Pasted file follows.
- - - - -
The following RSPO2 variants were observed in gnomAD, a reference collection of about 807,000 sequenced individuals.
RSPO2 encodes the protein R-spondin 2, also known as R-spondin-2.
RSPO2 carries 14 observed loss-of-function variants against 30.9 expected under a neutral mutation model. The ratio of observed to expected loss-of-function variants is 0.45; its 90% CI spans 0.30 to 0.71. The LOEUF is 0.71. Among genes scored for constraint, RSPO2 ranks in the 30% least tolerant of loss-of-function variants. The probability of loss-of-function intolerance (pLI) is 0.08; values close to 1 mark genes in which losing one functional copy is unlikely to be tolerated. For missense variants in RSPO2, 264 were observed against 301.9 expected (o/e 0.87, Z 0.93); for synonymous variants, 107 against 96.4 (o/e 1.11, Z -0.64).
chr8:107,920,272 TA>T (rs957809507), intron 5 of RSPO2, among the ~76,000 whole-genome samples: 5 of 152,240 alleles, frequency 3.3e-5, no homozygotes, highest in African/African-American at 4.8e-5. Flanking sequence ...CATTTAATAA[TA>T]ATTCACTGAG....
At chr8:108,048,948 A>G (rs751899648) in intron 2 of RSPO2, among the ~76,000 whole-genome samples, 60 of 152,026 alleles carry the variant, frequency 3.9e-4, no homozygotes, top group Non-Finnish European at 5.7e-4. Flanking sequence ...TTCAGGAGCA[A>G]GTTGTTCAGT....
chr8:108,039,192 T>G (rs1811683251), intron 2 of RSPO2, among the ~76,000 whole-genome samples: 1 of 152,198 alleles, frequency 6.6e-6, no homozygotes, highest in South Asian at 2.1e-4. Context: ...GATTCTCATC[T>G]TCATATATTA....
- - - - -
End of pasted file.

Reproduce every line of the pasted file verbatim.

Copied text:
The following RSPO2 variants were observed in gnomAD, a reference collection of about 807,000 sequenced individuals.
RSPO2 encodes the protein R-spondin 2, also known as R-spondin-2.
RSPO2 carries 14 observed loss-of-function variants against 30.9 expected under a neutral mutation model. The ratio of observed to expected loss-of-function variants is 0.45; its 90% CI spans 0.30 to 0.71. The LOEUF is 0.71. Among genes scored for constraint, RSPO2 ranks in the 30% least tolerant of loss-of-function variants. The probability of loss-of-function intolerance (pLI) is 0.08; values close to 1 mark genes in which losing one functional copy is unlikely to be tolerated. For missense variants in RSPO2, 264 were observed against 301.9 expected (o/e 0.87, Z 0.93); for synonymous variants, 107 against 96.4 (o/e 1.11, Z -0.64).
chr8:107,920,272 TA>T (rs957809507), intron 5 of RSPO2, among the ~76,000 whole-genome samples: 5 of 152,240 alleles, frequency 3.3e-5, no homozygotes, highest in African/African-American at 4.8e-5. Flanking sequence ...CATTTAATAA[TA>T]ATTCACTGAG....
At chr8:108,048,948 A>G (rs751899648) in intron 2 of RSPO2, among the ~76,000 whole-genome samples, 60 of 152,026 alleles carry the variant, frequency 3.9e-4, no homozygotes, top group Non-Finnish European at 5.7e-4. Flanking sequence ...TTCAGGAGCA[A>G]GTTGTTCAGT....
chr8:108,039,192 T>G (rs1811683251), intron 2 of RSPO2, among the ~76,000 whole-genome samples: 1 of 152,198 alleles, frequency 6.6e-6, no homozygotes, highest in South Asian at 2.1e-4. Context: ...GATTCTCATC[T>G]TCATATATTA....